Social distancing, mask-wearing and hand-washing aren’t the only changes coming to the Warren County Parks and Recreation Department as a result of the coronavirus pandemic.
The department’s director, Chris Kummer, told Warren Fiscal Court on Friday about a new digital-based administrative system – largely an outgrowth of the pandemic – that he expects will save his department time and money.
The magistrates approved a new five-year parks department contract with XBS Copier Solutions that Kummer projects will cost about $43,000 a year when fully implemented. That’s much lower than the $185,000 per year now expended on administrative functions like payroll and purchase orders.
“As we have operated a lot differently during these hard times, it has allowed us to review our processes and do some critical self-examination,” Kummer said. “We looked at what processes we can improve upon.”
Working with XBS, Kummer said his department came up with a customized system that will reduce the need for parks personnel to bring paperwork to the county parks department office at Basil Griffin Park.
“Using this new platform, our employees can fill out time sheets and send them electronically,” Kummer said. “That’s going to be a huge time saver. We’ll simplify not just one area but a good half-dozen processes. It will save the county quite a bit of money.”
Kummer said his department will be getting equipment from XBS “in the next 30 days” that will allow for creation of digital work orders and purchase orders and other functions traditionally handled by paper.
“We always want to operate more efficiently and streamline our administrative operations,” he said. “This will allow us to use our time more efficiently.”
Fiscal court on Friday also approved issuing industrial revenue bonds for two companies planning to locate manufacturing plants in the county.
They approved issuing industrial revenue bonds of up to $80 million for Nova Steel USA, which announced in October plans to purchase an existing “speculative” building in the Kentucky Transpark and launch a manufacturing plant that is expected to eventually employ up to 110 people.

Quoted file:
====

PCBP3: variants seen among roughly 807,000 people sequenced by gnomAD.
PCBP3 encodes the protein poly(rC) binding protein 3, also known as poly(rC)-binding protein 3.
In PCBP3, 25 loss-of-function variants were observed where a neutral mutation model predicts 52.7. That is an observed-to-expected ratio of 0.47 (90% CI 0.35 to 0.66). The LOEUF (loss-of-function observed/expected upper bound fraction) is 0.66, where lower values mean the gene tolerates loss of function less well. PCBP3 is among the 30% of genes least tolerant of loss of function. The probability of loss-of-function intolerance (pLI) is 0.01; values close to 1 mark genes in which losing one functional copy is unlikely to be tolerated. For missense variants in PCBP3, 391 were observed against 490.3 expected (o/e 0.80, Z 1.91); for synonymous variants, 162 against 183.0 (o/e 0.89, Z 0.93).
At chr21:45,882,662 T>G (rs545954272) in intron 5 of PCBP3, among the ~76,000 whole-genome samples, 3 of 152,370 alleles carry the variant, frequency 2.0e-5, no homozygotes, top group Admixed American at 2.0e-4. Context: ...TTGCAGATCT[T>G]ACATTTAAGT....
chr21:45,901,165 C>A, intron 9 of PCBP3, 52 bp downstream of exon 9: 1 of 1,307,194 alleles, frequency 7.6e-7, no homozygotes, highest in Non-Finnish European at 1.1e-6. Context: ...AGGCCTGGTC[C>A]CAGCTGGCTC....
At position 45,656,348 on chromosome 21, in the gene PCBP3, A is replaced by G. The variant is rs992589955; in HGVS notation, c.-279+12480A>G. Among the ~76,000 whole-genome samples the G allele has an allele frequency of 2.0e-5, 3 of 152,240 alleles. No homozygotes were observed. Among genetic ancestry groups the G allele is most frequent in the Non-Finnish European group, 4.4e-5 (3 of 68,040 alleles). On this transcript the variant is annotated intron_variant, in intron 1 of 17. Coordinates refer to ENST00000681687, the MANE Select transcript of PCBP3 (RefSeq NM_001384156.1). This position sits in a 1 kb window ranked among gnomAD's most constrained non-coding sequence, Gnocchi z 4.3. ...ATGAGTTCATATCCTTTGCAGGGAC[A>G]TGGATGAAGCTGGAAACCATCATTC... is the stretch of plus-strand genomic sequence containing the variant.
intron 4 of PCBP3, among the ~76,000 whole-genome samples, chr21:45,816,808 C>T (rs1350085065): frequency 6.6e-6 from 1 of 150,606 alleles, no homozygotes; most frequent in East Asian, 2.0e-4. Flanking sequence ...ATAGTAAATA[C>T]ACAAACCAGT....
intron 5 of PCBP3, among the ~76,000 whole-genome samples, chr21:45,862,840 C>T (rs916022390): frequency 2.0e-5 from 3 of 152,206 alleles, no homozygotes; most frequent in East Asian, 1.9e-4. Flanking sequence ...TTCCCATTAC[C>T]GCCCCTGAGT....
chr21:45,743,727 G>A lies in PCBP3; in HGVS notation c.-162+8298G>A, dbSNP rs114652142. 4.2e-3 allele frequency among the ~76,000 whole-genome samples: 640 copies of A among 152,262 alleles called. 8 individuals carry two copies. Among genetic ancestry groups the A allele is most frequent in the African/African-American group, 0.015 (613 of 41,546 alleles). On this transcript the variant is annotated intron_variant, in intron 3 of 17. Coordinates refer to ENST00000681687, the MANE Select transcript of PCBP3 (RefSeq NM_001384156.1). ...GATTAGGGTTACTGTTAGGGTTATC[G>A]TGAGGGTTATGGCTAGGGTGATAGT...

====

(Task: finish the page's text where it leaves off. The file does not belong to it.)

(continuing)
Also approved were industrial revenue bonds of up to $400 million for Ball Metal Beverage Container Corp., which announced plans this month to build in the Transpark a 450,000-square-foot plant for manufacturing tops for aluminum cans and eventually employing as many as 200 people.
The magistrates also granted Judge-Executive Mike Buchanon authority to sign an agreement with the Kentucky Transportation Cabinet to improve U.S. 31-W (Nashville Road) from south of Ky. 242 (Rich Pond Road) to Dillard Road.
Included in the state’s highway plan for the current biennium, the $11.69 million project is for widening and improvements to a 2.6-mile stretch of U.S. 31-W from south of Ky. 242 to Dillard Road.
Wes Watt, public information officer for the KYTC’s District 3 office in Bowling Green, said the project should go out to bid in late spring or summer. Construction will start sometime after that.
Fiscal court also approved:
- spending $5,780 to purchase an equipment trailer for the parks department from Miles Trailer Sales.
- spending $2,700 to purchase a heater from Big Red Supply for a new maintenance bay at Phil Moore Park.